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|Title:||Closing the circle : is it feasible to rehabilitate reefs with sexually propagated corals?||Authors:||Guest, J. R.
Baria, M. V.
Gomez, E. D.
Heyward, A. J.
Edwards, A. J.
|Keywords:||DRNTU::Science::Biological sciences::Zoology::Anatomy||Issue Date:||2013||Source:||Guest, J. R., Baria, M. V., Gomez, E. D., Heyward, A. J., & Edwards, A. J. (2014). Closing the circle : is it feasible to rehabilitate reefs with sexually propagated corals? Coral reefs, 33(1), 45-55.||Series/Report no.:||Coral reefs||Abstract:||Sexual propagation of corals specifically for reef rehabilitation remains largely experimental. In this study, we refined low technology culture and transplantation approaches and assessed the role of colony size and age, at time of transfer from nursery to reef, on subsequent survival. Larvae from Acropora millepora were reared from gametes and settled on engineered substrates, called coral plug-ins, that were designed to simplify transplantation to areas of degraded reef. Plug-ins, with laboratory spawned and settled coral recruits attached, were maintained in nurseries until they were at least 7 months old before being transplanted to replicate coral limestone outcrops within a marine protected area until they were 31 months old. Survival rates of transplanted corals that remained at the protected in situ nursery the longest were 3.9–5.6 times higher than corals transplanted to the reef earlier, demonstrating that an intermediate ocean nursery stage is critical in the sexual propagation of corals for reef rehabilitation. 3 years post-settlement, colonies were reproductively mature, making this one of few published studies to date to rear a broadcasting scleractinian from eggs to spawning adults. While our data show that it is technically feasible to transplant sexually propagated corals and rear them until maturity, producing a single 2.5-year-old coral on the reef cost at least US$60. ‘What if’ scenarios indicate that the cost per transplantable coral could be reduced by almost 80 %, nevertheless, it is likely that the high cost per coral using sexual propagation methods would constrain delivery of new corals to relatively small scales in many countries with coral reefs.||URI:||https://hdl.handle.net/10356/96291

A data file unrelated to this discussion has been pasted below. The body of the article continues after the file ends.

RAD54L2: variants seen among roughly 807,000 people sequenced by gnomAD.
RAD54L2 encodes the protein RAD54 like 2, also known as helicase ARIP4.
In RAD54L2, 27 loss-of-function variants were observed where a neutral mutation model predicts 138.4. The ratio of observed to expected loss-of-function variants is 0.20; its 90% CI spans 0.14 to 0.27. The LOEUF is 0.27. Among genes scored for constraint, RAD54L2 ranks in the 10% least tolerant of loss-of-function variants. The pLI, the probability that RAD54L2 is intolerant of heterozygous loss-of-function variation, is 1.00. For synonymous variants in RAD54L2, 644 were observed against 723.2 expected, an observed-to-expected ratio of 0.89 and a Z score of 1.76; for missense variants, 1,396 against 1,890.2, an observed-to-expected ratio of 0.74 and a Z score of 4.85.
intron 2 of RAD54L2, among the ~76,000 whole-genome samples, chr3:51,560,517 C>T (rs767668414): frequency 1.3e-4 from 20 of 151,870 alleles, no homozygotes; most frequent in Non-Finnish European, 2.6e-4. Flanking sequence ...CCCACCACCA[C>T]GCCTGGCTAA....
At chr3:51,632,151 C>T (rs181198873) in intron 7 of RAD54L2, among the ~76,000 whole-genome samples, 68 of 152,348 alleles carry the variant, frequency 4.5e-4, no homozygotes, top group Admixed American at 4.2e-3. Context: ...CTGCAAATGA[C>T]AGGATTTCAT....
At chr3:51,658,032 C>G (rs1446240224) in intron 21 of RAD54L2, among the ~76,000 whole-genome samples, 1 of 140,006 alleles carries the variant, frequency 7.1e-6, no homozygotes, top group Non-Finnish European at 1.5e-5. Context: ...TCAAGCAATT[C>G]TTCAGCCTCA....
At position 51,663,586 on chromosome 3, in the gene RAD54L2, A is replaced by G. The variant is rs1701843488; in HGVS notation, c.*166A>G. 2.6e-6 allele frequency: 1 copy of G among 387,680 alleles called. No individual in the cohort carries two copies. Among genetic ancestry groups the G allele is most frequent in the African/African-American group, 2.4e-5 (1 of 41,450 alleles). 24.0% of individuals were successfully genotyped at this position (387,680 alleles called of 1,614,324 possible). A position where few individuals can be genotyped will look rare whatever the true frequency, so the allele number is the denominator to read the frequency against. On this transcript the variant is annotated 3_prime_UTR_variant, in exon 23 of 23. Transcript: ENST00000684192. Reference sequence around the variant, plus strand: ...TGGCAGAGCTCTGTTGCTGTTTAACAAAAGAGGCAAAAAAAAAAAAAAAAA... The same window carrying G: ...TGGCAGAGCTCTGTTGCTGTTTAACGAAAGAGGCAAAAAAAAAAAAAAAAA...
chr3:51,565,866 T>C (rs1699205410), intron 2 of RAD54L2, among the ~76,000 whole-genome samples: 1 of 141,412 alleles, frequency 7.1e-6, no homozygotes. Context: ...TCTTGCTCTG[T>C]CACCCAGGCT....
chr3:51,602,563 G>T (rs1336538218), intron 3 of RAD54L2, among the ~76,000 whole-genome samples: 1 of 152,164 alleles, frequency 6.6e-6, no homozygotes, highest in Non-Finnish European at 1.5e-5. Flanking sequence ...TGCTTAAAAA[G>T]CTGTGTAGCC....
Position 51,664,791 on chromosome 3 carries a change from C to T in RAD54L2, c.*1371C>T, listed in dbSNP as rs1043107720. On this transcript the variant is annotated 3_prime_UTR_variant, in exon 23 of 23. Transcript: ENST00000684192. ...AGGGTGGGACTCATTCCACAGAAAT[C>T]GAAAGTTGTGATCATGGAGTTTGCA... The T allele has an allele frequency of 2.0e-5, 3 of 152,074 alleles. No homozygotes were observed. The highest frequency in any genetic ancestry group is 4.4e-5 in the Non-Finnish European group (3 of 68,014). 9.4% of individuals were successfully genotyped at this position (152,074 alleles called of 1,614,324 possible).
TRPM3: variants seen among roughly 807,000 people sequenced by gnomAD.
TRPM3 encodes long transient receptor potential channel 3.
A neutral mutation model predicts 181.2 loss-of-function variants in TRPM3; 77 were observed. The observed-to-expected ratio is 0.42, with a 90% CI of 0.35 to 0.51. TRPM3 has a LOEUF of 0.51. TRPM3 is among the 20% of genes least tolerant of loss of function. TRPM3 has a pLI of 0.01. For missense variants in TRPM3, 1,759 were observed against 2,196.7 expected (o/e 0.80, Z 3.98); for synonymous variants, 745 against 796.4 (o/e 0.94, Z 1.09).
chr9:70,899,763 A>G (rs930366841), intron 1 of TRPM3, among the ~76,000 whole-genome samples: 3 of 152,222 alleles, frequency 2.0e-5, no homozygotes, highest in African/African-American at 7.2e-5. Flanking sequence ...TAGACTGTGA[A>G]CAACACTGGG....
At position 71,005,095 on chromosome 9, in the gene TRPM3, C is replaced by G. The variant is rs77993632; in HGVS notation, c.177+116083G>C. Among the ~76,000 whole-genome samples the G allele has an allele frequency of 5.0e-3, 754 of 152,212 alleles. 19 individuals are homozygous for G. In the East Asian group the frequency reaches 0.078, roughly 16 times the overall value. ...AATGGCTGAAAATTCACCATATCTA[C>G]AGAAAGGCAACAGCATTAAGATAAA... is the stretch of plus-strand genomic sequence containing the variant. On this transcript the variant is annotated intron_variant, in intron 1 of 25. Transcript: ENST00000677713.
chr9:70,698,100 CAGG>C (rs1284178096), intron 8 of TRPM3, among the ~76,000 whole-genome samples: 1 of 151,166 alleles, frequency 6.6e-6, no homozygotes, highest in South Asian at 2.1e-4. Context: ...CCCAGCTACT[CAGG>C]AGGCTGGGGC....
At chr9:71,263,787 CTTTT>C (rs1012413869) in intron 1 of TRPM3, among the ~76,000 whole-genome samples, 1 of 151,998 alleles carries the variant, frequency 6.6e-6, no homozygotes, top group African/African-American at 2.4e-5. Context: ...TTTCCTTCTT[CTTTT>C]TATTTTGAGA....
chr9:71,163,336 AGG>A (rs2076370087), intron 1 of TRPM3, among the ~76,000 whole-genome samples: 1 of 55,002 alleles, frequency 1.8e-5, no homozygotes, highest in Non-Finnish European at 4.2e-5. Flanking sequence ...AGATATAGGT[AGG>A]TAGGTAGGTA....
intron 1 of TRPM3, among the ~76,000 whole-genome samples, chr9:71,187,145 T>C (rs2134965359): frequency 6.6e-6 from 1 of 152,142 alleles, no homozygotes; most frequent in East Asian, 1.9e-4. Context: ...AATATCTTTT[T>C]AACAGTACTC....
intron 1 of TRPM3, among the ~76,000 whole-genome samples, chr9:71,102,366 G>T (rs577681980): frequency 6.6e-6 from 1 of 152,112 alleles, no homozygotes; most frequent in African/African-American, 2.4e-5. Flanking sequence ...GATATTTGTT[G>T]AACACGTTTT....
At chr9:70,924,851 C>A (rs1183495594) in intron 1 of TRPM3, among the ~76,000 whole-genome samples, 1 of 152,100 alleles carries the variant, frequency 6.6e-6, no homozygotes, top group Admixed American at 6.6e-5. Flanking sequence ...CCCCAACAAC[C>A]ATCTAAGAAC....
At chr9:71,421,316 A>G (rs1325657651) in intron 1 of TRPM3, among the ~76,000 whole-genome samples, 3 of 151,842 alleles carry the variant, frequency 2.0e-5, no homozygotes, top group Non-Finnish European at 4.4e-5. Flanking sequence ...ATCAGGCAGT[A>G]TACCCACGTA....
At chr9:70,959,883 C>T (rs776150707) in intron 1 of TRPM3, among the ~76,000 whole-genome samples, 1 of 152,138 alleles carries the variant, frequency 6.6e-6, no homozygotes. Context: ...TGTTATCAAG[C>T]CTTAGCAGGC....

|DOI:||10.1007/s00338-013-1114-1||Rights:||© 2013 Springer-Verlag Berlin Heidelberg. This paper was published in Coral Reefs and is made available as an electronic reprint (preprint) with permission of Springer-Verlag Berlin Heidelberg. The paper can be found at the following official DOI: [http://dx.doi.org/10.1007/s00338-013-1114-1]. One print or electronic copy may be made for personal use only. Systematic or multiple reproduction, distribution to multiple locations via electronic or other means, duplication of any material in this paper for a fee or for commercial purposes, or modification of the content of the paper is prohibited and is subject to penalties under law.||Fulltext Permission:||open||Fulltext Availability:||With Fulltext|
|Appears in Collections:||NEWRI Journal Articles|
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